DJ Delivers Starring Role

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People may or may not the truck, but they sure love Dale Jarrett’s commercials about the big brown delivery vehicle.

The latest round of commercials revolve around Jarrett and his conversations with folks in a shopping mall. They all want Jarrett to drive the truck, but he’s adamant.

“I’m not driving the truck,” Jarrett says over and over.

It’s simple, yet quite effective – even downright humorous. And it’s extremely popular.

Stopping it would be as simple as Jarrett, reluctantly, getting behind the wheel of the big brown truck – or as UPS called in an earlier commercial, “the package car.”

But that would be too simple. And it wouldn’t be anywhere near as much fun. When the UPS commercials started, Jarrett was sitting in the infield of a track with a guy who passes as a UPS spokesman, who extols the virtues of the big, brown truck.

Jarrett, though, is unwavering in his resolve not to drive it. Those were popular enough, but the latest spots have made Jarrett a TV star. Well, maybe not in his mind.

“Cameras can do a lot of things,” Jarrett said. “I’m not very good at it. They put me with good people. “They are fun to do. I guess they figured out what I can’t do and what I can, and they keep it around that. As long as they do that, I’m OK.”

Jarrett got to work with his father, Ned, in one spot. Ned tries, unsuccessfully, of course, to get Dale to drive the truck, and then offers Dale some pie. In another, Dale and a fan throw coins into a fountain in a sort of “she loves me, she loves me not” game. In this case, it’s “I hope he drives the truck, I’m not driving the truck.”

In a third commercial, a young boy tries to guilt Jarrett into driving the truck by holding his breath. That didn’t work, either, as Jarrett simply popped the boy’s cheeks.

“He was good for about four takes,” Jarrett said of the young actor. “He had been there drinking Cokes and eating cookies all day. I’m not sure what he got paid, but he thought after four takes he had earned his cash. He wasn’t very patient after that.”

Acting is often a tedious business, with the same scene shot several times from different angles. Perfection is the goal, but it’s never achieved – especially when a young actor is involved.

“He was a great kid, but his attention span wasn’t much after those four,” Jarrett said. “He did them very well. I couldn’t disagree with him. He said, ‘I don’t know how I could do it better.’ They had to do close-ups of him, and he didn’t understand all of that.”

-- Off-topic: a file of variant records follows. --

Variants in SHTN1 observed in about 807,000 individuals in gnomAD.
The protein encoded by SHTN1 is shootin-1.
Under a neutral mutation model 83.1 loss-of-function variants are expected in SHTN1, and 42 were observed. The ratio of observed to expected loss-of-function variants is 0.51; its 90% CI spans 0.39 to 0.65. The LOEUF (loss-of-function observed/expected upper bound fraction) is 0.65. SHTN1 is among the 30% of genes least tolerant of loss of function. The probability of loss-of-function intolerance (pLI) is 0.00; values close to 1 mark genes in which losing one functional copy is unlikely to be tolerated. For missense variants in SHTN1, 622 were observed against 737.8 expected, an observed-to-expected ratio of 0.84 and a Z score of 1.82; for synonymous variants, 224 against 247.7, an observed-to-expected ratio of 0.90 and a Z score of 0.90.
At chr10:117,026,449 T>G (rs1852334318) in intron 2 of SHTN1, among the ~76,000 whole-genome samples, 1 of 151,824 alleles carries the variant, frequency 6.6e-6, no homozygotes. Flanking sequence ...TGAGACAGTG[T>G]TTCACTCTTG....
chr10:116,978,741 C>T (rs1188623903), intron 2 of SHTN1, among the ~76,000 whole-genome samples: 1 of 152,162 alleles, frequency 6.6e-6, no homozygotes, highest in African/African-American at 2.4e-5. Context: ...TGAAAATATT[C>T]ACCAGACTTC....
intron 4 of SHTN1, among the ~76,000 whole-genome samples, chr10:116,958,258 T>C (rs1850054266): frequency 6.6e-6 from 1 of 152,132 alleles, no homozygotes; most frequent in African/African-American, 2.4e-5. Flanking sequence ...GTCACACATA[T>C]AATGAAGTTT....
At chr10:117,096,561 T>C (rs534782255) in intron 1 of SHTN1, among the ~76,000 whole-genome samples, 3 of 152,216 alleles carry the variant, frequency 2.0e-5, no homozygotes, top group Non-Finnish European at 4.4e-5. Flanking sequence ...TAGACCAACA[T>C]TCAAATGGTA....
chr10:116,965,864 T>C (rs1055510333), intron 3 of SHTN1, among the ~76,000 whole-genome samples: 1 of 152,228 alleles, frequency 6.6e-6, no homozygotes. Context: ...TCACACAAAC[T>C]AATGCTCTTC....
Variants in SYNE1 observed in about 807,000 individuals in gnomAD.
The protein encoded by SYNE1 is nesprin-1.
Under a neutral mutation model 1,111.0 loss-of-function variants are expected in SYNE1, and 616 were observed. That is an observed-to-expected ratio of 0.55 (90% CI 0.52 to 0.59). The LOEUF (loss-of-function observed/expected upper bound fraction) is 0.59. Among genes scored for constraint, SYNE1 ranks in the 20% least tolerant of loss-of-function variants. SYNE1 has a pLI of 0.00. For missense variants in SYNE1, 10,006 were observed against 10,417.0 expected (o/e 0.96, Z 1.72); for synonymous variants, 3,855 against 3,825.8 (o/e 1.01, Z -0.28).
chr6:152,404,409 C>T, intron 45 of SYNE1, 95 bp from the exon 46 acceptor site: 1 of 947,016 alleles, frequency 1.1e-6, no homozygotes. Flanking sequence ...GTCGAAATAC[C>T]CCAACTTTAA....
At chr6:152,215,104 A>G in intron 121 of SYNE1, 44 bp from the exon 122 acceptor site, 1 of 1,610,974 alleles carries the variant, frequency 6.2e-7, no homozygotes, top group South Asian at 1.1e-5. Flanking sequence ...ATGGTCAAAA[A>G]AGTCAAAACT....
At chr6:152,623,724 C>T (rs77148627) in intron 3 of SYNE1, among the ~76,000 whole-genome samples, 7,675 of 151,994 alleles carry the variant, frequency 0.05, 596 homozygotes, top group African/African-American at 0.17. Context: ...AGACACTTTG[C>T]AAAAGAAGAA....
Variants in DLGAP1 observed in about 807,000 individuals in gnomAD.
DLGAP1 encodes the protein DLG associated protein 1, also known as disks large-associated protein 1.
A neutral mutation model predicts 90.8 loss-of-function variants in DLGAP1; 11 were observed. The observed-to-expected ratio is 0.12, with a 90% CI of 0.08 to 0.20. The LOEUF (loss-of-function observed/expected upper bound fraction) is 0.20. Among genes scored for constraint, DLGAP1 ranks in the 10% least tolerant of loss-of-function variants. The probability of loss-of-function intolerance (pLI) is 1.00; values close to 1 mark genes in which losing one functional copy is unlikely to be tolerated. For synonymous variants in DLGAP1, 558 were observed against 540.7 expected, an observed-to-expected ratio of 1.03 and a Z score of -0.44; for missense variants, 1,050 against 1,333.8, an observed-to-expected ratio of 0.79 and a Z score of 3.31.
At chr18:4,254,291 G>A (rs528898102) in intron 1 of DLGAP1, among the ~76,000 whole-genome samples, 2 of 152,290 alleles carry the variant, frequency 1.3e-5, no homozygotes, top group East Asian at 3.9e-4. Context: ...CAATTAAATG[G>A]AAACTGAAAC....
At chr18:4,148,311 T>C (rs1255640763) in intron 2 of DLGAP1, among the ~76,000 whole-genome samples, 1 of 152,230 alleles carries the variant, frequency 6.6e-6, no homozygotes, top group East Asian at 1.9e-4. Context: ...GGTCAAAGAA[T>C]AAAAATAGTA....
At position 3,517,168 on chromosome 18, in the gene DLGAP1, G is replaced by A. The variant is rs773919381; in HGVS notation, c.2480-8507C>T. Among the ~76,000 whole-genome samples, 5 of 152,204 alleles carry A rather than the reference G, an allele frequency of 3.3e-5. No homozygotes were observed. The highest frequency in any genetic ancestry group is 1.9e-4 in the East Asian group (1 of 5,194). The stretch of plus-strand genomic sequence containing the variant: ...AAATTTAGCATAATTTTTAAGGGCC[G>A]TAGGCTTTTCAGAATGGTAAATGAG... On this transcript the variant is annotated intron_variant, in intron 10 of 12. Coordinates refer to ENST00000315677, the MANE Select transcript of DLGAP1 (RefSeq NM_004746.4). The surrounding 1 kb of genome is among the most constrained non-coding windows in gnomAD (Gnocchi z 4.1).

That commercial has become so popular that kids aren’t the only ones holding their breath in front of Jarrett.

“The thing about it now is the adults who come up whenever I’m doing autographs sessions,” Jarrett said. “It’s all right for the kids to come up. But these adults who come up holding their breath, I don’t know. Pop their cheeks and tobacco comes out.”

Jarrett talks with a straight face when describing what must be a hilarious incident when an adult holds his or her breath in front of him. Perhaps that’s what makes Jarrett such a good guy for endorsements.

His facial expressions were tested in a spot where Jarrett is riding up an escalator in the mall. The announcement “Would the owner of a white Ford Taurus please race the big brown truck?” is met with a look of disbelief on Jarrett’s face.

“We had two days’ worth of commercials to shoot between my dad, the little kid and then the guy standing around the fountain,” Jarrett said. “We were sitting around during lunch the second day, and the producer and director came up with that scenario.

“It’s pretty amazing that they could come up with that. I guess they had seen enough of me for two days to figure out I looked like I was kinda spacey anyway. I could do that look.”

Dale Jarrett, comedian, coming to TV screens near you.

“I don’t think we’re planning on stopping it for now,” Jarrett said. “We’re scheduled again in January to do some more. My understanding is I’m not driving the truck. I’ve got to keep answering that.”

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